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Creating Trust: An Essential in Teaching Police Tactics

In almost any organization, trust is an important essential in creating an environment where a positive rapport with the leader can be developed, thereby maximizing performance. Trust is something that does not develop immediately, but may be destroyed easily. If this is true in a general organization setting, how much more so when teaching police tactics to law-enforcement?

If one were to place a dozen police tactics instructors in different rooms, each having been given their own class, we would, in all likelihood, witness twelve different styles of teaching. Yet, regardless of one's personal style, there are four "levels of trust", each with a specific definition and application, that are foundations in trust-building. These four are Integrity-Based Trust, Competence-Based Trust, Judgment-Based Trust, and Performance-Based Trust. (Note: these levels are concepts having their roots in Management, and Industrial/Organizational Psychology.) Let us briefly look at each level, and relate them to the police tactics teaching experience.

Integrity-Based Trust means that one trusts the integrity of the instructor, i.e., that the instructor is honest in his/her words, that s/he lives according to what s/he "preaches", and that the instructor will in fact teach that which is promised to be taught. This not only shows the instructor as being trustworthy, but lays a credible foundation for the other levels. For example, if an instructor states that one goal is to teach weapon defenses, students cannot be "shortchanged" due to time constraints or the introduction of new material.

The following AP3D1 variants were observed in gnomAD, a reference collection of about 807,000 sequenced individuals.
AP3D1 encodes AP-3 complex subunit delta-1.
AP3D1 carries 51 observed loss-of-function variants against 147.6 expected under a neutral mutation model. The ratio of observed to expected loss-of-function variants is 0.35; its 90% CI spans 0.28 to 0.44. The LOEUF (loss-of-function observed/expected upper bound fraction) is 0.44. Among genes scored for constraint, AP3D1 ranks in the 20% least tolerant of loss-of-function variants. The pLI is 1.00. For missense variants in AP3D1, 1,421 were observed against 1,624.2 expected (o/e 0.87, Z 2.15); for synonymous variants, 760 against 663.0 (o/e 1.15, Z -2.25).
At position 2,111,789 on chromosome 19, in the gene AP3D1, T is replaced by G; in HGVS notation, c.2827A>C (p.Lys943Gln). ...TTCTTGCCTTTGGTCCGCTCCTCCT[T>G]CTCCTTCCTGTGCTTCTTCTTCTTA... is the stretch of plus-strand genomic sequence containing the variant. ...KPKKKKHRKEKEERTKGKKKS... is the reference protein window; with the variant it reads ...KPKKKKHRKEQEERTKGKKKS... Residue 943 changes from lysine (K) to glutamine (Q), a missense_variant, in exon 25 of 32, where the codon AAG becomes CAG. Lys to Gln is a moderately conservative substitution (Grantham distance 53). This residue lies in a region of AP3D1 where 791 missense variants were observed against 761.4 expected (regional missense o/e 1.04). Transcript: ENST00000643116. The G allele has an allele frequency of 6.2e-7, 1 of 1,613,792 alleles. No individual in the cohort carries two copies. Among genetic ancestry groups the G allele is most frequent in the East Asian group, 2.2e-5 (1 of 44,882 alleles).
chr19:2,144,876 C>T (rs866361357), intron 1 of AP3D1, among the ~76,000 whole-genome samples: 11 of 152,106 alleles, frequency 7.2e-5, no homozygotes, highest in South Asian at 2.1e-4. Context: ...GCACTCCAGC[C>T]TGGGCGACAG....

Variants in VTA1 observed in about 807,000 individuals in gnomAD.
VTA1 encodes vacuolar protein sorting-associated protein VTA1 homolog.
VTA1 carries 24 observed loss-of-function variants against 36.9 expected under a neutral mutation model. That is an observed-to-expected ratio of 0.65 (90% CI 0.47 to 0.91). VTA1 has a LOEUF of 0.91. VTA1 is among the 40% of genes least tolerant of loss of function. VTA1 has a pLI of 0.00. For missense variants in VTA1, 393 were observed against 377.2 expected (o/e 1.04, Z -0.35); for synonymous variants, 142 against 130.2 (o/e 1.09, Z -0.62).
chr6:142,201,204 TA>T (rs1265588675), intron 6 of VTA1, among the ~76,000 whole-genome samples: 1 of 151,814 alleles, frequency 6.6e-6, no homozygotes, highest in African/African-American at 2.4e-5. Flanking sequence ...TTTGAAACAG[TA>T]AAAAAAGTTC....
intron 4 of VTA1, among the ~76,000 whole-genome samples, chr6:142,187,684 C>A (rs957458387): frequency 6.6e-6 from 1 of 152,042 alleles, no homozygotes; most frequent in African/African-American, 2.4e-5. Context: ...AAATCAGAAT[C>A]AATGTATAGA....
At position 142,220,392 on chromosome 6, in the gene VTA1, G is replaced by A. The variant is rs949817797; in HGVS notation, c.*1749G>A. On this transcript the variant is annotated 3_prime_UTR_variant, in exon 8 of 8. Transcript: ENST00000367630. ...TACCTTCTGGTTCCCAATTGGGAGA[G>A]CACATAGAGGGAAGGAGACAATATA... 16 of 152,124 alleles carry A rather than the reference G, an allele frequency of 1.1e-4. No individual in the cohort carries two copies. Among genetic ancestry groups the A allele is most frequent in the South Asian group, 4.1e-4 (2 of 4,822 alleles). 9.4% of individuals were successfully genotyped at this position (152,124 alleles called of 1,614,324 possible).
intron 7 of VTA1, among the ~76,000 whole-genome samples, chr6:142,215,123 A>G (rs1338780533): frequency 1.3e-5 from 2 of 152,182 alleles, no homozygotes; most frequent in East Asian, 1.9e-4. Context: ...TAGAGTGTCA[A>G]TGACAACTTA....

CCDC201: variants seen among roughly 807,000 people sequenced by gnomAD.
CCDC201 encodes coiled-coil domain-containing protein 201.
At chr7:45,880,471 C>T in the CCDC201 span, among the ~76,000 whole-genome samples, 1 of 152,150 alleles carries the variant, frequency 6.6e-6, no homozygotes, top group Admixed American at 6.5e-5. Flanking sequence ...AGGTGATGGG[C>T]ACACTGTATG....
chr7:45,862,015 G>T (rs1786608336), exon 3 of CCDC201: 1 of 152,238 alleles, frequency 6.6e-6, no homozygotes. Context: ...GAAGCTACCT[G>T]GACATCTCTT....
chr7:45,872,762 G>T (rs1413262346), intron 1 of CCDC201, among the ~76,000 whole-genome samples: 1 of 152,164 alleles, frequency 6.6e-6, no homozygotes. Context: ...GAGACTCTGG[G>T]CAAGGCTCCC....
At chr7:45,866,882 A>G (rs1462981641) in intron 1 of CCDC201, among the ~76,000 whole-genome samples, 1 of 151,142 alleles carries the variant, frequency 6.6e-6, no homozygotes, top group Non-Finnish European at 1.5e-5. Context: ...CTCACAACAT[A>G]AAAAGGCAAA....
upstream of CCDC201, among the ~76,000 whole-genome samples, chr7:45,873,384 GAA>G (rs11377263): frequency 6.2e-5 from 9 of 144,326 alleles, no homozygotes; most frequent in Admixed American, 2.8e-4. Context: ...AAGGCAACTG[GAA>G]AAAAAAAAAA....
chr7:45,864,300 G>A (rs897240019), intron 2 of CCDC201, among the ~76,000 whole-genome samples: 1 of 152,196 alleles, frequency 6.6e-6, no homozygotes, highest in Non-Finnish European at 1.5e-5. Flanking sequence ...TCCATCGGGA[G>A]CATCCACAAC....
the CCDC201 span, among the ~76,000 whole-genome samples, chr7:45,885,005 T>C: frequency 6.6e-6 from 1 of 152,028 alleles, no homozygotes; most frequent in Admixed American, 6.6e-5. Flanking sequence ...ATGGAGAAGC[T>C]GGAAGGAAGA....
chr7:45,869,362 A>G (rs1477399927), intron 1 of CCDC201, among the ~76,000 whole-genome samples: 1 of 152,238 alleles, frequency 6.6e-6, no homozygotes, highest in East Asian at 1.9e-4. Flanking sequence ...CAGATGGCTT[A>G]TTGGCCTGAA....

The second level, Competency-Based Trust, states that while a student may believe an instructor's words as to what can be achieved as a result of completing the course of study, the students must believe that the instructor has the knowledge, skills and ability to demonstrate the techniques effectively, and to deliver this competency to the students. This is not a personal challenge to the instructor, but an issue of wanting and needing to trust that the instructor is able to impart the skills that may be necessary to save an officer's life in a confrontation. As the student becomes more competent, trust in the instructor grows.

Judgment-Based Trust means that the student cannot perceive any biases in the instructor which would impair the instructor's judgment. These biases could be the result of an instructor's past history and experience in the streets, they may be cultural biases, or the bias may reflect what is considered an inappropriate ideology and approach to police self-defense. In any case, a student must feel that the person teaching him/her will not have an impairment in judgment interfering in the teaching process. The student's learning experience will then be maximized. 

Lastly, we have Performance-Based Trust. By this we mean that the instructor must have a positive history of "delivering", i.e., that s/he has consistently and successfully taught police tactics to others in law-enforcement, and the "finished product" was in fact most satisfactory, that is, the student learned the techniques and felt confident in his/her ability. When the record reflects this, an officer will have even greater trust in his/her instructor. 

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